Madam Toole


Photo: Mick Haupt on Unsplash


Madam Toole

Had a rule:

No one sitting

On her stool.

That chair

Was her





For Sammi’s Weekend Writing Prompt of “rule” in 16 words




(Photo: Isaac Holmgren on Unsplash)


When all was said and done,

There was no question

Of whether or when

Or why,

She would be expected

To abide by all

The rules they had

Intended to


The law was set.

The outcome clear.

She was to follow

And adhere.



For the dVerse quadrille poetry challenge: abide


Last One In

Photo Prompt: C.E. Ayr


“They’ll kick us out!”

Darlene shook her head. “They won’t know.”

“Dad will kill us if we get caught.”

Darlene sighed. Shirley was such a wimp. Never took any risks. Never had any fun. “We won’t.”

Shirley peered out of the RV at the shimmering pool. Darlene never met a rule she didn’t want to break, and somehow both of them would end up punished. “It says ‘Guests Only.'”

“We’re guests.”

Without a permit. Shame rose like hot bile. They were always the ones without, the ones left out.

“C’mon then,” she blinked away tears. “Last one in cleans up!”




For Rochelle’s Friday Fictioneers



Outside The Box

“Color inside the lines.”

“Re-write these letters.”

“Sit on your circle.”

“This is not playtime.”

“Keep to the right.”

“Climb the ladder, not the slide.”

There is a good reason why we direct children. We want them to learn to follow rules and obey instructions. We want them to listen. We need them to pay heed. After all, laws and guidelines are part of an orderly society and are important for maturation, regulation, and delaying gratification. Rules help maintain safety. They help define the difference between free play and guided study, between teamwork and individual projects, between creative writing and a summary of a given book or essay.

Rules and guidelines are good. It is healthy for them to be challenged and okay to keep rules even if a child thinks they are stupid or unnecessary (as long as we truly know why). Boundaries clarify what is and isn’t acceptable, where and when and how. There’s nothing wrong with structure. Or with following directions. Or with consequences when one chooses to do otherwise.

Structure is a good thing. So is knowing what’s expected. At least as long as those do not become a means to an end. As long a they are not ways to exact conformity and control, paths to making our adult life easier, roadblocks to creative thought, plugs for personality.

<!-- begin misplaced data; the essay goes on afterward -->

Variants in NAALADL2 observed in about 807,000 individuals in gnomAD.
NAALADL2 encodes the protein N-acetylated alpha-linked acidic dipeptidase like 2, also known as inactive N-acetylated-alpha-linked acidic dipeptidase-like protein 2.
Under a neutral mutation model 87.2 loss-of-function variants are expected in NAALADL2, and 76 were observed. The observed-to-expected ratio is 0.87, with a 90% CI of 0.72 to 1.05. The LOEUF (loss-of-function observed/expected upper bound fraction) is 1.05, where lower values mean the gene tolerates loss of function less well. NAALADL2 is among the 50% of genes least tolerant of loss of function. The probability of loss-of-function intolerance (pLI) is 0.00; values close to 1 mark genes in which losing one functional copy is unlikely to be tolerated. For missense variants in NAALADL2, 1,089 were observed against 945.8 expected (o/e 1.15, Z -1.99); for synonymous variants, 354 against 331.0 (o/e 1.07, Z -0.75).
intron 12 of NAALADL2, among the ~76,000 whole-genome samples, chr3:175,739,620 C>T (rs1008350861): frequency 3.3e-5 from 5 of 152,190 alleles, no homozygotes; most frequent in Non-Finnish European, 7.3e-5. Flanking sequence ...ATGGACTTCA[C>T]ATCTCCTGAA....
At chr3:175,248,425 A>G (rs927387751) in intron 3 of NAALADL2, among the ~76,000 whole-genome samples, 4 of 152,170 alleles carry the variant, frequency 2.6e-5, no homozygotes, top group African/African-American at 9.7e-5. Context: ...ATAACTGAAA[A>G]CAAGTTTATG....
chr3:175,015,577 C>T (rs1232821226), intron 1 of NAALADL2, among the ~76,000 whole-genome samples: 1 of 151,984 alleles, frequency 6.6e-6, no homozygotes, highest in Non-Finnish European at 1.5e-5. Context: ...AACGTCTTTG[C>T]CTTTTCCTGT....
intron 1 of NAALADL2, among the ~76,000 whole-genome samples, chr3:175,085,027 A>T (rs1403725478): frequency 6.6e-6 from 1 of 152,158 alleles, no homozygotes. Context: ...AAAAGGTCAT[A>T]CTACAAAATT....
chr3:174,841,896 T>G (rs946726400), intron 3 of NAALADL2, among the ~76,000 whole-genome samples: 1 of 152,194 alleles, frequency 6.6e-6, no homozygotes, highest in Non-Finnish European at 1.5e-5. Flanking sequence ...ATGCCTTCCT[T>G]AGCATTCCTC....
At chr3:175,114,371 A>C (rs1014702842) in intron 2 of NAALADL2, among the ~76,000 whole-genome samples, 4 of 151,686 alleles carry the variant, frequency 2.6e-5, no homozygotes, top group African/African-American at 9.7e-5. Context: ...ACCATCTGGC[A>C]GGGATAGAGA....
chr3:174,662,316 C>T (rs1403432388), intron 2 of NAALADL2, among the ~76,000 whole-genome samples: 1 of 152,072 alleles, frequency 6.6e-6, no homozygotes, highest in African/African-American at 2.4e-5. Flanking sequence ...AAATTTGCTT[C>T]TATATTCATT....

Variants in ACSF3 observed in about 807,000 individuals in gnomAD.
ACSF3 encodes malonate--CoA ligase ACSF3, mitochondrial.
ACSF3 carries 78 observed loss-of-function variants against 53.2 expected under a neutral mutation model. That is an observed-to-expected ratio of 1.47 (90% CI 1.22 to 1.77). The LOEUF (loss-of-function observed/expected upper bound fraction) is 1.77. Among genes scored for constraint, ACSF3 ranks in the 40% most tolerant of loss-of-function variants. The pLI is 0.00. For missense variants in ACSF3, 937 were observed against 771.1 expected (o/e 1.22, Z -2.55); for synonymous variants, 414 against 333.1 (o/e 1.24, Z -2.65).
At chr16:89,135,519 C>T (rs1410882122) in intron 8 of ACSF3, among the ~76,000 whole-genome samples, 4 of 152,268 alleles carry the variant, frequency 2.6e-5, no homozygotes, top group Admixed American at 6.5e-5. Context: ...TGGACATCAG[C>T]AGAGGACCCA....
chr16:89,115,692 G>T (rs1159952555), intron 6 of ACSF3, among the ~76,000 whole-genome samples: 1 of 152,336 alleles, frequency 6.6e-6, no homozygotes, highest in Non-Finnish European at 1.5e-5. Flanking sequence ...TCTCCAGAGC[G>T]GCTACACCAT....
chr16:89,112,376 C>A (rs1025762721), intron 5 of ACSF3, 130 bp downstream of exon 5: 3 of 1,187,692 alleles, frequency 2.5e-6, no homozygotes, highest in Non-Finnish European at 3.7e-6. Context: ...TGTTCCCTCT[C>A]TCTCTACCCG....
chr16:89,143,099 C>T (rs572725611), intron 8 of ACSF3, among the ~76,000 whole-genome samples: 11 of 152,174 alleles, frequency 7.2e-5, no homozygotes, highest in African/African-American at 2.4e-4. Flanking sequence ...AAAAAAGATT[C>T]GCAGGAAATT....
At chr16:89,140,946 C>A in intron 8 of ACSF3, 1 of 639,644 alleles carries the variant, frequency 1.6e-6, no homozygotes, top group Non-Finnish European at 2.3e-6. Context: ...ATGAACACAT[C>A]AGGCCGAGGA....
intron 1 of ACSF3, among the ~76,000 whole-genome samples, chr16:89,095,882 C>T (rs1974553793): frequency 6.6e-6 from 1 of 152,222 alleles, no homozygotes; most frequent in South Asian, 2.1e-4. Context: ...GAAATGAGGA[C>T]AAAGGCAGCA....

When we extend guidelines into demanding unified and unjustified conformity, we risk snuffing out individuality. It is then that we may end up raising robots, not children. It is then that we gag magic and bind wonder, imagination, awe.

When we say things such as:

“Elephants aren’t purple, color it gray.”

“You can’t draw two suns in the sky. There is only one.”

“Stripes do not go with polka dots. You’ll look funny. Go change.”

“This doesn’t look like Mommy–she has long hair, not short.”

“Don’t mix the Lego with the blocks.”

“You can’t just make up rules–this game has an instruction sheet.”

“People don’t eat olives with cookies.”

“Stop making things up.”

There is nothing wrong with purple (or rainbow) elephants, with three suns, pattern mix-and-match, people who look like aliens and aliens who look like mice, Legos with blocks and carton boxes and a Barbi perched on for a knight, with new rules for old games, and with plenty of made-up imagining.

Order has a place, as does chaos and unpredictability. We ask our children to tolerate our rules and limitations … it is only reasonable that we train ourselves to tolerate (even encourage!) theirs, wild as they may seem to be.

Let your child out of the box. You’d be amazed what children can achieve. How much they can create, plan, build, conjure, put together. How far their brilliant, fresh thinking, free mind can go!

Think Outside the Box!

Think Outside the Box!